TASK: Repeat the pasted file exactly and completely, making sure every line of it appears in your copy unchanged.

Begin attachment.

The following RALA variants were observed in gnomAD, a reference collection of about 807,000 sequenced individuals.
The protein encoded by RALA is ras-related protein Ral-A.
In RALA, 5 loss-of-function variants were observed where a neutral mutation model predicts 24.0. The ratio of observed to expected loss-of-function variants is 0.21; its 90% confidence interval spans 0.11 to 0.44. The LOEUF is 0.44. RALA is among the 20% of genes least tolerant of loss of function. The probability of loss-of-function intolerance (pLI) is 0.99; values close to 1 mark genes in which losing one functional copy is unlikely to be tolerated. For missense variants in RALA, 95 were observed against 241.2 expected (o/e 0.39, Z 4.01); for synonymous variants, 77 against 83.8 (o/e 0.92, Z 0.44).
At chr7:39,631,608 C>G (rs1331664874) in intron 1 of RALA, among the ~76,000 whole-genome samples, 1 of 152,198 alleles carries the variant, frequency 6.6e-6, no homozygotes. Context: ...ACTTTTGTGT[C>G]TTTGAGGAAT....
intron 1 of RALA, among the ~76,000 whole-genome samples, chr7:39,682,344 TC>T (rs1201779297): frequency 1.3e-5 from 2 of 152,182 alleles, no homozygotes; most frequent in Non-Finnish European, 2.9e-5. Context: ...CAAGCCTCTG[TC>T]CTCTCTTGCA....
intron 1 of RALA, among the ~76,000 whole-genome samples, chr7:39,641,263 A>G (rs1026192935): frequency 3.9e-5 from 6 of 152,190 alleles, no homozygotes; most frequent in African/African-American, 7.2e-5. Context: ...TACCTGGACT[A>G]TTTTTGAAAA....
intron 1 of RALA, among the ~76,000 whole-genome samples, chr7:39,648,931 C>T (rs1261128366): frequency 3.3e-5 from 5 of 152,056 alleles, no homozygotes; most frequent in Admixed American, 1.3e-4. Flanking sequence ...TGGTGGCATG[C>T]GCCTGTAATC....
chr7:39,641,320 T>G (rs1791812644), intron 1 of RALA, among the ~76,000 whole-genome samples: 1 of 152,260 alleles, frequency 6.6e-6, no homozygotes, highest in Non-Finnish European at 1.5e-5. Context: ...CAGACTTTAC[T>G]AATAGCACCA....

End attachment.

The following RALA variants were observed in gnomAD, a reference collection of about 807,000 sequenced individuals.
The protein encoded by RALA is ras-related protein Ral-A.
In RALA, 5 loss-of-function variants were observed where a neutral mutation model predicts 24.0. The ratio of observed to expected loss-of-function variants is 0.21; its 90% confidence interval spans 0.11 to 0.44. The LOEUF is 0.44. RALA is among the 20% of genes least tolerant of loss of function. The probability of loss-of-function intolerance (pLI) is 0.99; values close to 1 mark genes in which losing one functional copy is unlikely to be tolerated. For missense variants in RALA, 95 were observed against 241.2 expected (o/e 0.39, Z 4.01); for synonymous variants, 77 against 83.8 (o/e 0.92, Z 0.44).
At chr7:39,631,608 C>G (rs1331664874) in intron 1 of RALA, among the ~76,000 whole-genome samples, 1 of 152,198 alleles carries the variant, frequency 6.6e-6, no homozygotes. Context: ...ACTTTTGTGT[C>G]TTTGAGGAAT....
intron 1 of RALA, among the ~76,000 whole-genome samples, chr7:39,682,344 TC>T (rs1201779297): frequency 1.3e-5 from 2 of 152,182 alleles, no homozygotes; most frequent in Non-Finnish European, 2.9e-5. Context: ...CAAGCCTCTG[TC>T]CTCTCTTGCA....
intron 1 of RALA, among the ~76,000 whole-genome samples, chr7:39,641,263 A>G (rs1026192935): frequency 3.9e-5 from 6 of 152,190 alleles, no homozygotes; most frequent in African/African-American, 7.2e-5. Context: ...TACCTGGACT[A>G]TTTTTGAAAA....
intron 1 of RALA, among the ~76,000 whole-genome samples, chr7:39,648,931 C>T (rs1261128366): frequency 3.3e-5 from 5 of 152,056 alleles, no homozygotes; most frequent in Admixed American, 1.3e-4. Flanking sequence ...TGGTGGCATG[C>T]GCCTGTAATC....
chr7:39,641,320 T>G (rs1791812644), intron 1 of RALA, among the ~76,000 whole-genome samples: 1 of 152,260 alleles, frequency 6.6e-6, no homozygotes, highest in Non-Finnish European at 1.5e-5. Context: ...CAGACTTTAC[T>G]AATAGCACCA....